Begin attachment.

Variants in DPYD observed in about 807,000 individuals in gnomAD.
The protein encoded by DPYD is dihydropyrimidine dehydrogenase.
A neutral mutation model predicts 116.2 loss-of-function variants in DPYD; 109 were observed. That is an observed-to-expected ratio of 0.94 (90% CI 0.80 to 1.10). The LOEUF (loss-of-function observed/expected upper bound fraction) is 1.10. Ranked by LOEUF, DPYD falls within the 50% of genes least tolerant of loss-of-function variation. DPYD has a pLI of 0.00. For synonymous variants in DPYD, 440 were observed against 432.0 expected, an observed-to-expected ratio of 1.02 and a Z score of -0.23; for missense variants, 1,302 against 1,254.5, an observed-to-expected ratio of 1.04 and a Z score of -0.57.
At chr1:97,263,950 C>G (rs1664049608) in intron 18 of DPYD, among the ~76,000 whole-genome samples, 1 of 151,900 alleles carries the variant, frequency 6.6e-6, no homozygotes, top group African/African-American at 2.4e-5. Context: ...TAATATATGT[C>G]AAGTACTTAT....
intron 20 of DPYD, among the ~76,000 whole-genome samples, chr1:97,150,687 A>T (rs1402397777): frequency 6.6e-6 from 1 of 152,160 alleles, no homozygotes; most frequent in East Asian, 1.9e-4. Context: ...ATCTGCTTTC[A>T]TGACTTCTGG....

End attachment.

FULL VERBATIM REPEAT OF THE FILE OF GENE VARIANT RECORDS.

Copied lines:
Variants in DPYD observed in about 807,000 individuals in gnomAD.
The protein encoded by DPYD is dihydropyrimidine dehydrogenase.
A neutral mutation model predicts 116.2 loss-of-function variants in DPYD; 109 were observed. That is an observed-to-expected ratio of 0.94 (90% CI 0.80 to 1.10). The LOEUF (loss-of-function observed/expected upper bound fraction) is 1.10. Ranked by LOEUF, DPYD falls within the 50% of genes least tolerant of loss-of-function variation. DPYD has a pLI of 0.00. For synonymous variants in DPYD, 440 were observed against 432.0 expected, an observed-to-expected ratio of 1.02 and a Z score of -0.23; for missense variants, 1,302 against 1,254.5, an observed-to-expected ratio of 1.04 and a Z score of -0.57.
At chr1:97,263,950 C>G (rs1664049608) in intron 18 of DPYD, among the ~76,000 whole-genome samples, 1 of 151,900 alleles carries the variant, frequency 6.6e-6, no homozygotes, top group African/African-American at 2.4e-5. Context: ...TAATATATGT[C>G]AAGTACTTAT....
intron 20 of DPYD, among the ~76,000 whole-genome samples, chr1:97,150,687 A>T (rs1402397777): frequency 6.6e-6 from 1 of 152,160 alleles, no homozygotes; most frequent in East Asian, 1.9e-4. Context: ...ATCTGCTTTC[A>T]TGACTTCTGG....